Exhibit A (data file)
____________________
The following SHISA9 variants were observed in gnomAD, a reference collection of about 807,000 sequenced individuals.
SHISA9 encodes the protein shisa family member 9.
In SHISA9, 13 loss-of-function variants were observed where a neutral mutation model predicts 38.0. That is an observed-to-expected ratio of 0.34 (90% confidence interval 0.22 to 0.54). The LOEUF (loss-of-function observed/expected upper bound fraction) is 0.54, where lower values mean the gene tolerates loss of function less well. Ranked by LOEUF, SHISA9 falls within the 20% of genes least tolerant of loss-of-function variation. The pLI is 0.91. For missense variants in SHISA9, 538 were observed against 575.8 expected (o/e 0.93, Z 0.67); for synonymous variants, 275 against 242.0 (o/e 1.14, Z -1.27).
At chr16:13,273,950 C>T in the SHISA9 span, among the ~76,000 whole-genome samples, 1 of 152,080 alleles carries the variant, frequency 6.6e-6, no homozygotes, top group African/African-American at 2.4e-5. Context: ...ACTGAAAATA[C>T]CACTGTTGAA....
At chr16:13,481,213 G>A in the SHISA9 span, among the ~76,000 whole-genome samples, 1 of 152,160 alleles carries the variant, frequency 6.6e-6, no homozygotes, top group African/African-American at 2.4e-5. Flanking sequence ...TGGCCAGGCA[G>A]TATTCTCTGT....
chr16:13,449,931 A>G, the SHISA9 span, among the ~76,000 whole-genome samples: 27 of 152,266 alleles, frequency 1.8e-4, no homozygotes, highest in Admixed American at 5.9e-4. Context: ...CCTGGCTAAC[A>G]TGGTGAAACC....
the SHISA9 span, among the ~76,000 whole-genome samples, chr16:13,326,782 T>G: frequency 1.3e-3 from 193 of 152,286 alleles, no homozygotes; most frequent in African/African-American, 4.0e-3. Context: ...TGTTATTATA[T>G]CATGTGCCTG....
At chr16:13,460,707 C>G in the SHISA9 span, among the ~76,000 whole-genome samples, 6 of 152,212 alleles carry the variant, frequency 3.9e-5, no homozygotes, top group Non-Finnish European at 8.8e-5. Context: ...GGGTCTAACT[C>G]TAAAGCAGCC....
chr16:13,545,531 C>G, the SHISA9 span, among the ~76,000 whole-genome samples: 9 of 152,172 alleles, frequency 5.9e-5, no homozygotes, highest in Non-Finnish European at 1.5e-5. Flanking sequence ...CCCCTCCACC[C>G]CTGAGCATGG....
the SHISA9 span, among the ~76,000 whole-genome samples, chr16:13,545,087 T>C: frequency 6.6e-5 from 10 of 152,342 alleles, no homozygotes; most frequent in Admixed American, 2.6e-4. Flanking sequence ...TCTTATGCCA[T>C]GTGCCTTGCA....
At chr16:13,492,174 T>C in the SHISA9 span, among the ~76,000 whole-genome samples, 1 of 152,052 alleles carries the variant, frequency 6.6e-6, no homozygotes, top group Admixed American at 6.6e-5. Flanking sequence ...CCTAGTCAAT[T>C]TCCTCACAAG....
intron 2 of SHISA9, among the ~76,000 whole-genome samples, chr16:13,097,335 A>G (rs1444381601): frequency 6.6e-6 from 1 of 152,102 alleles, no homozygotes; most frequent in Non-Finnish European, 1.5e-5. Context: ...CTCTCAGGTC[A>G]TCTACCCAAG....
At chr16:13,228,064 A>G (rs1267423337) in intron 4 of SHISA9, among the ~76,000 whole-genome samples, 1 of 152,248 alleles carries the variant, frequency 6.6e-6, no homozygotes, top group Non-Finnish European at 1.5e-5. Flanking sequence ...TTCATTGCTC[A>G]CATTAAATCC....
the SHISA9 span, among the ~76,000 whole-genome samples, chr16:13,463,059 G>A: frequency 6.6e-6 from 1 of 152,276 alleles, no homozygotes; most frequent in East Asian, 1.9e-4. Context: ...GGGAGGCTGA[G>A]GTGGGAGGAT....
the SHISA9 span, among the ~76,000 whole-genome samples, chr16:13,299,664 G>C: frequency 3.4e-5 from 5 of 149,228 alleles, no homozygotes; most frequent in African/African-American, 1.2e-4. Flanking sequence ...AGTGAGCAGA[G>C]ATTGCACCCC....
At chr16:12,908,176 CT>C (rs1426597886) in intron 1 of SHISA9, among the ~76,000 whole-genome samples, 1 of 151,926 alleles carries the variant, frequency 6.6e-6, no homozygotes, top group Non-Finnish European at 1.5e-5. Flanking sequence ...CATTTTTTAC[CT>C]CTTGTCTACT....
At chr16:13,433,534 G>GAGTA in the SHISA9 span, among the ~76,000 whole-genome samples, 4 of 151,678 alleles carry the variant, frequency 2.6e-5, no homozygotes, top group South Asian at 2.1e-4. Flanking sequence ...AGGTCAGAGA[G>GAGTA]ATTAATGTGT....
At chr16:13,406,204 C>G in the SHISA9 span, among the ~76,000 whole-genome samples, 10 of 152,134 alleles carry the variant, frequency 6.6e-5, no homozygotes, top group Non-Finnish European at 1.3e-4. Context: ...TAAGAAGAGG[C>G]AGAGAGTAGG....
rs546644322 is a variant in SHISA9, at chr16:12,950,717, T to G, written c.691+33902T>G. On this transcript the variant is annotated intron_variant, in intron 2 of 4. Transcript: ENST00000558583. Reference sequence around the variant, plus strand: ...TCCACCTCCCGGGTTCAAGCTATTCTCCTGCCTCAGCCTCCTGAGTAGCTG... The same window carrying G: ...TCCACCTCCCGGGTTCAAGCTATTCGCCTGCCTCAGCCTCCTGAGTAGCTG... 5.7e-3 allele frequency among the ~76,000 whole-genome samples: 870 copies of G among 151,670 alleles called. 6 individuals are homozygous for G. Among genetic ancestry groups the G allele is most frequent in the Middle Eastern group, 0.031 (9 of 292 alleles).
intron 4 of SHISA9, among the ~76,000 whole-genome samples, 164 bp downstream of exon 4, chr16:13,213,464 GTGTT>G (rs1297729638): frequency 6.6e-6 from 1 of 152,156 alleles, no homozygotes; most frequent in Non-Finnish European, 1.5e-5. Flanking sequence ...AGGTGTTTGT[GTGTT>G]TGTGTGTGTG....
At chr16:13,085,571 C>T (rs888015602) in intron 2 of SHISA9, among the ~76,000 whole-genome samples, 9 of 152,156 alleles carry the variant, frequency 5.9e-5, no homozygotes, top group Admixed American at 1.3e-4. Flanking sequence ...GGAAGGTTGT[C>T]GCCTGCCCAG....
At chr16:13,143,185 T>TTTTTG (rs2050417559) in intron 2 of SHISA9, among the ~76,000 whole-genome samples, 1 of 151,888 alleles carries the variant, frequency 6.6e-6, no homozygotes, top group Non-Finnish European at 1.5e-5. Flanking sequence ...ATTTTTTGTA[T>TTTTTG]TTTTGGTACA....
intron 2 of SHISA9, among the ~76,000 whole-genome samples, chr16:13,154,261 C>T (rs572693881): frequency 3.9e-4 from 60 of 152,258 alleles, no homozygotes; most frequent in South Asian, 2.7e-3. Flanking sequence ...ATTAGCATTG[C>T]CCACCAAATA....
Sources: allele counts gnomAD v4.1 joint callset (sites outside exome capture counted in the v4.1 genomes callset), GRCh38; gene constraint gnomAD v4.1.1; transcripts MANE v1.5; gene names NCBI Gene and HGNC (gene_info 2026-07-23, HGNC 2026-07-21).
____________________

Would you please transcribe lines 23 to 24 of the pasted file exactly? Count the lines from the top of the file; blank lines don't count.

intron 2 of SHISA9, among the ~76,000 whole-genome samples, chr16:13,154,261 C>T (rs572693881): frequency 3.9e-4 from 60 of 152,258 alleles, no homozygotes; most frequent in South Asian, 2.7e-3. Flanking sequence ...ATTAGCATTG[C>T]CCACCAAATA....
Sources: allele counts gnomAD v4.1 joint callset (sites outside exome capture counted in the v4.1 genomes callset), GRCh38; gene constraint gnomAD v4.1.1; transcripts MANE v1.5; gene names NCBI Gene and HGNC (gene_info 2026-07-23, HGNC 2026-07-21).